Workplace Fairness Case Study

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Walmart the big boxed realtor that houses stores on 5 continents within 28 countries and reported a net income of $11 billion dollars last year seems to be pretty successful; but it is implied that success is only felt in the upper ranks of the Walmart corporations as many employees have few good words to say towards their employer. In 2014 alone Walmart employees and customers have filled over 5,000 lawsuits against the company, or roughly 14 suits per day (Workplace Fairness 1). Even with disgruntle employees Walmart is known for their low prices but are those low prices worth low wages, anti-unionization, and gender discrimination.
Opponents of the anti Walmart stance argue that Walmart offers jobs to people that would have no other
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The Walmart corporation considers 34 hours per week to be full time and is proud to say 74% of their employees are full time (“Fact Sheet-Wages”). As stated in the article “Workplace Fairness” written by the organization Workplace Fairness which is a non-profit organization working to promote and preserve employee rights “ Walmart reported a net income of over $11 billion last year- surely plenty to remedy some questionable workplace practices-yet stories persist about wage law violations and inadequate health care” (Workplace Fairness 1) . Walmart has been underpaying their employees for years until they were faced with extreme pressure from their workers and the public. In 2016 Walmart announced they would be increasing their starting pay to nine dollars per hour, but if a Walmart worker has that starting pay and works a mere 34 hours per week 52 weeks per year they will make about $15,912 for a yearly salary. This amount does not consider the employee taking any vacation time or any weeks off per year. This means Walmart’s full time employees are considered to be making a salary merely above the national poverty level for a family of two which is set at a yearly income of $16,020 instituted by the Department of Health and Human Services. There have been numerous lawsuits filed …show more content…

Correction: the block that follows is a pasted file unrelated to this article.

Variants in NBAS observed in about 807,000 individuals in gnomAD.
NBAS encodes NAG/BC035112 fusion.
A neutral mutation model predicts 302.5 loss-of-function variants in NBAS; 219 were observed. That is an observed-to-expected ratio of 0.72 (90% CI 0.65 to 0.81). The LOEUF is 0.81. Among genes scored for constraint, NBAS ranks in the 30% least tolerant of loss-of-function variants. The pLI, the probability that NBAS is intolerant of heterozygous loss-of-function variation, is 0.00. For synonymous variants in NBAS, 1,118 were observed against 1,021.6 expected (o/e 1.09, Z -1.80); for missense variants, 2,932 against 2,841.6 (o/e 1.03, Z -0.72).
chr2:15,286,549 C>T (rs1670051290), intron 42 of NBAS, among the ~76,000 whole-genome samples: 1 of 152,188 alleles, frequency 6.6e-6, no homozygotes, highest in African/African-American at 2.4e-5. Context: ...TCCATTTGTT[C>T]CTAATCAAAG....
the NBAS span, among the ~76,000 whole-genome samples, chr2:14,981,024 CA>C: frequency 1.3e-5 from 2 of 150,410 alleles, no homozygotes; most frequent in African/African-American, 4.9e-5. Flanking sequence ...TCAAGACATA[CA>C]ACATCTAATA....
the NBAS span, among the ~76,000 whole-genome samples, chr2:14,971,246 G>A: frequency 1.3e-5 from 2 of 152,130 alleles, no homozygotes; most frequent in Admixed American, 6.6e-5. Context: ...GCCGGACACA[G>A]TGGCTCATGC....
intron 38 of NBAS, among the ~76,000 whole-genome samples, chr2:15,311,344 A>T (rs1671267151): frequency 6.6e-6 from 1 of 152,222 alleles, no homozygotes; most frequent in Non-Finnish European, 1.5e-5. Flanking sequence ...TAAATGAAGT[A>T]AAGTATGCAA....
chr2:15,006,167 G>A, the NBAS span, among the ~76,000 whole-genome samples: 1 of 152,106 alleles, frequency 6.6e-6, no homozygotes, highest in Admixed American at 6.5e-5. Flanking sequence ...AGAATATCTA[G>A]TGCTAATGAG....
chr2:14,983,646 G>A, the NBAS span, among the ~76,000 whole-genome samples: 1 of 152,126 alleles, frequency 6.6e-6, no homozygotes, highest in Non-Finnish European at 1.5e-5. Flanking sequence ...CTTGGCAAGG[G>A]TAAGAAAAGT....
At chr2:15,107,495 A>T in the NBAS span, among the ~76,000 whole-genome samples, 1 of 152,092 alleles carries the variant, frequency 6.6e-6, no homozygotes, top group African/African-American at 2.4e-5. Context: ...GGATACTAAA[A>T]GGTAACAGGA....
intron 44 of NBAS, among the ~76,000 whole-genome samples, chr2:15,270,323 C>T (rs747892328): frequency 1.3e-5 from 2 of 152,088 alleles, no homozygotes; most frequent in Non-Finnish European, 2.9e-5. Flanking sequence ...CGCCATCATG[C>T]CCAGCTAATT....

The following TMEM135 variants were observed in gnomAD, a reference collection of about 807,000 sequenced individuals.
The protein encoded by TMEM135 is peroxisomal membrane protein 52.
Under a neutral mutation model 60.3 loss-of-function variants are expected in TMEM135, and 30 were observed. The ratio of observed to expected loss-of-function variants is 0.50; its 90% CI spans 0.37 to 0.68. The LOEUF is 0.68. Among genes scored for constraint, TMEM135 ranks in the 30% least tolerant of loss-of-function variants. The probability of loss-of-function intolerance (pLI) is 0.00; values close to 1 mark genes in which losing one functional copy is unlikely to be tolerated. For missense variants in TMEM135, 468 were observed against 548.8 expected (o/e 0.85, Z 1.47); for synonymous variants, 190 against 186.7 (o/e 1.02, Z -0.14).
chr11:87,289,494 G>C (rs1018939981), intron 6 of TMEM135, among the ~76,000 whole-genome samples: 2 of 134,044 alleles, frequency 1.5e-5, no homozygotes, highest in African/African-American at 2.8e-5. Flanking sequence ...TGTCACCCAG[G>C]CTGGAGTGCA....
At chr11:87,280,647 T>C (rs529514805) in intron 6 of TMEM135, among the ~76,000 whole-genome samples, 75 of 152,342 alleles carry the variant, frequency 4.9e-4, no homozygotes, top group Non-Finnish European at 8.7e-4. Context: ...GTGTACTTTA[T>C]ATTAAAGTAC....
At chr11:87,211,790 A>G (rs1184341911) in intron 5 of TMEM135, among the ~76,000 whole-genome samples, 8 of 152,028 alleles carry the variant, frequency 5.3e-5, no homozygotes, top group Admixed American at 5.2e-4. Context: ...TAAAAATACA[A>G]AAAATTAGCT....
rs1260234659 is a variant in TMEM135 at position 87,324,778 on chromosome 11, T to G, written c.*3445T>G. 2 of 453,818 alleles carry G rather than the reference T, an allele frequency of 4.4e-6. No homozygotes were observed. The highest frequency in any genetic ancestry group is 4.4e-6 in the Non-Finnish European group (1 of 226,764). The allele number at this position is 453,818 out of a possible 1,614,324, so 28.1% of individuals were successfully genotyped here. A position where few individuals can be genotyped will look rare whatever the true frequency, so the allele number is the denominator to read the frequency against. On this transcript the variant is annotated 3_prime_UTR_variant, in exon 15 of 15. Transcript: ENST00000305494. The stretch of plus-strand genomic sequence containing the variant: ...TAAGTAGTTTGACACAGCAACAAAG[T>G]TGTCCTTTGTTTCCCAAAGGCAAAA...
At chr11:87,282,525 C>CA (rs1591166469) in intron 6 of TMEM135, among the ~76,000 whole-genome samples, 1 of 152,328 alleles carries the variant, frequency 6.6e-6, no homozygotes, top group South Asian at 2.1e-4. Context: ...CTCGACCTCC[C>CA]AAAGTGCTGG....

workforce is comprised of women, compared to 46.9 percent in the U.S. labor force” ( ).However, many people can argue Walmart discriminates based on gender. In 2001 a group of female employees filed a lawsuit against Walmart for discriminating against them because of gender; the six plaintiffs argued they were passed over for salary bonuses, and management training because of their gender. This lawsuit was called Dukes V. Wal-Mart and started with six women fighting against the company they had given so much for, as Stephanie Odle one of the plaintiffs in the case said, “I guess you could say I was Walmartized. I gave up my nights, my days, my weekends, and my holidays. Time and time again the jobs I should have had were given to men” (Floyd 1). Dukes v. Wal-Mart turned into the largest domestic workplace lawsuit in the history of the United States when it represented 1.5 million current and past female Wal-Mart employees who all had received gender discrimination while working for Walmart (Floyd 1). This case was later thrown out by the Supreme Court in a 5-4 ruling because of a lack of similar arguments among the plaintiffs. This was not the only time Wal-Mart has been sued according to Jason Sellers the attorney representing Dukes in this case “Wal-Mart has been sued on numerous occasions by other woman who have complained about

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